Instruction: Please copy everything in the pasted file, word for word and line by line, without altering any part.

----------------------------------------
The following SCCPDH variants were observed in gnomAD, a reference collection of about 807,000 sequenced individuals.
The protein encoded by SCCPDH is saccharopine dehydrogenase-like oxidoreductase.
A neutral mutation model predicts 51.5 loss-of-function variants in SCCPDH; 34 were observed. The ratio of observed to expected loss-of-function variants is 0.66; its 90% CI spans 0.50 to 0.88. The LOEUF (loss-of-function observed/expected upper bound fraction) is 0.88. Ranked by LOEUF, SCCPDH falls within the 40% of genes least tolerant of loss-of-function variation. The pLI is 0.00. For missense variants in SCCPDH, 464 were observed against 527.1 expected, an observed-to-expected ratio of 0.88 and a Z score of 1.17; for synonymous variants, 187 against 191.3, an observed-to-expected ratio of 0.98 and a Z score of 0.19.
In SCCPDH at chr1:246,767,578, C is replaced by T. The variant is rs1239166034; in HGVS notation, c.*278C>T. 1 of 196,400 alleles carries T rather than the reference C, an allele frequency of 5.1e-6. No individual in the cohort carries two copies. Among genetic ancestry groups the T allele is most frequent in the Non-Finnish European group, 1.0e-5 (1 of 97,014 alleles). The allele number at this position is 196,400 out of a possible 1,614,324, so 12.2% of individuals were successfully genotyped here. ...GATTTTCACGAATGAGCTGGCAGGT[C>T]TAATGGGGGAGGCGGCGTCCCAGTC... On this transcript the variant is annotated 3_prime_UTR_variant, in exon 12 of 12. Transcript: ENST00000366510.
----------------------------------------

The following SCCPDH variants were observed in gnomAD, a reference collection of about 807,000 sequenced individuals.
The protein encoded by SCCPDH is saccharopine dehydrogenase-like oxidoreductase.
A neutral mutation model predicts 51.5 loss-of-function variants in SCCPDH; 34 were observed. The ratio of observed to expected loss-of-function variants is 0.66; its 90% CI spans 0.50 to 0.88. The LOEUF (loss-of-function observed/expected upper bound fraction) is 0.88. Ranked by LOEUF, SCCPDH falls within the 40% of genes least tolerant of loss-of-function variation. The pLI is 0.00. For missense variants in SCCPDH, 464 were observed against 527.1 expected, an observed-to-expected ratio of 0.88 and a Z score of 1.17; for synonymous variants, 187 against 191.3, an observed-to-expected ratio of 0.98 and a Z score of 0.19.
In SCCPDH at chr1:246,767,578, C is replaced by T. The variant is rs1239166034; in HGVS notation, c.*278C>T. 1 of 196,400 alleles carries T rather than the reference C, an allele frequency of 5.1e-6. No individual in the cohort carries two copies. Among genetic ancestry groups the T allele is most frequent in the Non-Finnish European group, 1.0e-5 (1 of 97,014 alleles). The allele number at this position is 196,400 out of a possible 1,614,324, so 12.2% of individuals were successfully genotyped here. ...GATTTTCACGAATGAGCTGGCAGGT[C>T]TAATGGGGGAGGCGGCGTCCCAGTC... On this transcript the variant is annotated 3_prime_UTR_variant, in exon 12 of 12. Transcript: ENST00000366510.